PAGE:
HANK: This is never going to work. I’m not kidding. This is the worst thing ever.
HUSBAND JONATHAN: Honey, you always say that. And the books are always wonderful.
HANK: Well, thanks, but this could be the time it actually doesn’t work.
Jonathan: You always say, that, too.
Hank: (considering) I do? (considering again) But this could be the time it actually doesn’t work. I mean, there’s got to be a time that it doesn’t, and it could be this is it.
Jonathan: You always say that, too.
HANK: And he’s right, I know I do, thanks to my Sue Grafton-inspired writing diary. On January 27, 2012, I wrote in that diary: “I GOT NOTHIN’” (Yes, in all caps.)
And nine months later I had THE WRONG GIRL. (An Agatha and LCC nominee!) So, yeah, proof I was wrong. I love to be wrong.
In January 2013, I wrote in the diary: “What if I can’t do this?”
Nine months later, I had TRUTH BE TOLD. (Which I LOVE. And which will be out September 30! I am sure, ahem, you will hear more about this...)
Now, in January 2014, I am 15 pages (hurray hurray hurray!) into WHAT YOU SEE.
I am trying to balance my terror and my excitement, trying to balance my eagerness to see find the story in this book with my absolute knowledge that I have NO IDEA what happens. Pantser city.
Now, I would never do this, usually, but we are all in this together. So here is a true first draft—no, this isn’t even a first daft. It is the crazy banged out work of a person who is just trying to get the words on the page.
I will fix it later. And nine months from now, we can talk about it again.
As for now, Reds: Can you picture his scene? Hmmm...I haven’t really described anyone. Do I need the word "replied"? I don't think I need "replied." “Absurdly?” How should I replace “visitor magnet”? “Red and white” seems too easy.
Who knows how much of this part of WHAT YOU SEE—if any!--will be the same, nine months from now. But that’s the exciting part.
“Somebody saw something. And most of them took pictures of it.” Detective Jake Brogan watched the uniforms try to corral the chaos of tourists and brown-bag toting Bostonians as two crime scene units unspooled parallel rolls of yellow tape. Sirens wailed as three EMTs leaped out of their red and white ambulance, the beeping walk signal insisted clustering pedestrians should cross Congress Street, angry drivers honked their disapproval as newbie police cadets in orange webbing signaled them to stop.
Jake had heard screams through the plate glass front window of the Bell in Hand, left his carry-out roast beef sub on the counter, ran half a block. Found this. Lunch hour, now placed on hold by murder.
“Wall-to-wall spectators, the good news and the bad news.” Paul DeLuca replied, shaded his eyes with one hand. Scanned the shoulder-to-shoulder circle of onlookers. The two detectives, partners four years now, had split up to grab lunch, D opting for the corner Dunkins. DeLuca still held his iced coffee, third of the day. “Who called 911? Anybody run?”
“What we’re about to find out,” Jake said. “Most cases we catch, nobody saw anything. Here’s the opposite. Almost too many witnesses. That’s a new one.”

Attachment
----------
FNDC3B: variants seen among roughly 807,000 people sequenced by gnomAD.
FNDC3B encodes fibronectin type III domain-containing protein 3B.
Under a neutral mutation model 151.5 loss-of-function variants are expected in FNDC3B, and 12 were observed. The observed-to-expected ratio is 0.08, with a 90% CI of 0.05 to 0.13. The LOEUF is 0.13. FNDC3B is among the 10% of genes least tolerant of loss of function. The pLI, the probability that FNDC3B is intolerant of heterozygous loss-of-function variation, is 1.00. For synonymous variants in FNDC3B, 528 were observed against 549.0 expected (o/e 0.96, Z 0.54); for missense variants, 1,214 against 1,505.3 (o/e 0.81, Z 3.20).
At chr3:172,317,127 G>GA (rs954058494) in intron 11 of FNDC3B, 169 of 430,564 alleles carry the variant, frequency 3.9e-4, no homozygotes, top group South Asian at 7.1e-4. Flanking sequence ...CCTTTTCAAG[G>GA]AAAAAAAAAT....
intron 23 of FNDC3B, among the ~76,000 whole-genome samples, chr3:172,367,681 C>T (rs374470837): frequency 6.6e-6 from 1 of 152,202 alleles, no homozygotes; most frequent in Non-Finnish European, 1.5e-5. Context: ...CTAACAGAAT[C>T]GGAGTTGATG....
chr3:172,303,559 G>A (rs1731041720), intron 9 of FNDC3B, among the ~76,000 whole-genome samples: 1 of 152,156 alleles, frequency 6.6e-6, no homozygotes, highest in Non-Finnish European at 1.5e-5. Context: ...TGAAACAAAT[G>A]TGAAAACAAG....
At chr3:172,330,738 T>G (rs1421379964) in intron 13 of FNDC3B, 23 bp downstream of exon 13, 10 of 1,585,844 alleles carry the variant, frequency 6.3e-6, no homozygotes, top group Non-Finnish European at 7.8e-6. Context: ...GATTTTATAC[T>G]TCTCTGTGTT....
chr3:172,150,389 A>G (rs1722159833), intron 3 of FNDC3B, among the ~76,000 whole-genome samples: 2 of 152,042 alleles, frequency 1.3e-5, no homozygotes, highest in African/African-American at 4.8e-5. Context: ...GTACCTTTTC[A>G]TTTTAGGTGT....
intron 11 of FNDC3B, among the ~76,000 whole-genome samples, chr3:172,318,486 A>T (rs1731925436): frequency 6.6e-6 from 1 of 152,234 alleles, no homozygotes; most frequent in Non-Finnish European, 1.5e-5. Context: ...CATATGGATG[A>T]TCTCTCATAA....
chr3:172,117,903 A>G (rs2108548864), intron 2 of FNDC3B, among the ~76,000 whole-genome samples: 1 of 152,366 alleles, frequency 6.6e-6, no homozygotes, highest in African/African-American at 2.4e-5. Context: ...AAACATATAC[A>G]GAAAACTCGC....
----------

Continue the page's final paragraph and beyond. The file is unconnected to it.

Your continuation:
In the center of the sidewalk, in the noontime shadow of the burnished bronze knee of the Mayor Curley statue, some poor soul in a white t-shirt lay face down, his running shoes splayed, a navy blue Sox cap teetering on the concrete, the hilt of a knife protruding absurdly between his shoulder blades.
The medical examiner had radioed Jake she was minutes away. They’d need to dispatch the cleanup team, too. With the fourth of July a month away, the new mayor would go ballistic over the growing puddle of red now staining this concrete pathway along the visitor-magnet Freedom Trail. So much for the beginning of tourist season.
Across the street, the teeming marketplace behind Faneuil Hall, persistent vendors pushing Sam Adams tri-corns and Boston Strong t-shirts and cheap plastic lobster souvenirs. The visitors who had been unlucky enough to witness this noontime stabbing had just received a souvenir they might want to forget. But not until Jake picked their brains. And their cell phones.
“I want names. I want addresses. I want their phones and I want their cameras.” From moment one, Jake knew this would be a mess. Some of these people would lie, some would make stuff up, some would see things that never existed, some would have something to hide. Some would run. Complicating it all, he and DeLuca technically needed a warrant to seize property against a person’s will. If these onlookers knew the law, and gave them grief about it, it’d be even more of a shitshow. He pointed his partner toward the cadets. “D, you wrangle the new kids. Tell ‘em, don’t let anyone leave.”
“Where’re we gonna put ‘em all?” DeLuca sucked a hit of coffee through a clear straw. “The Garden? Maybe they can watch Disney on Ice while we get their deets.”
DeLuca had a point, and even the bleachers of nearby Boston Garden sports arena were not the solution. How could Jake keep fifty or so witnesses, from little kids to one guy in a wheelchair, essentially in custody while a group of inexperienced cadets tried to collect personal information and possessions? If they’d gone to lunch at Santarpio’s over in Eastie, where Jake had suggested, dispatch might have sent someone else to handle this.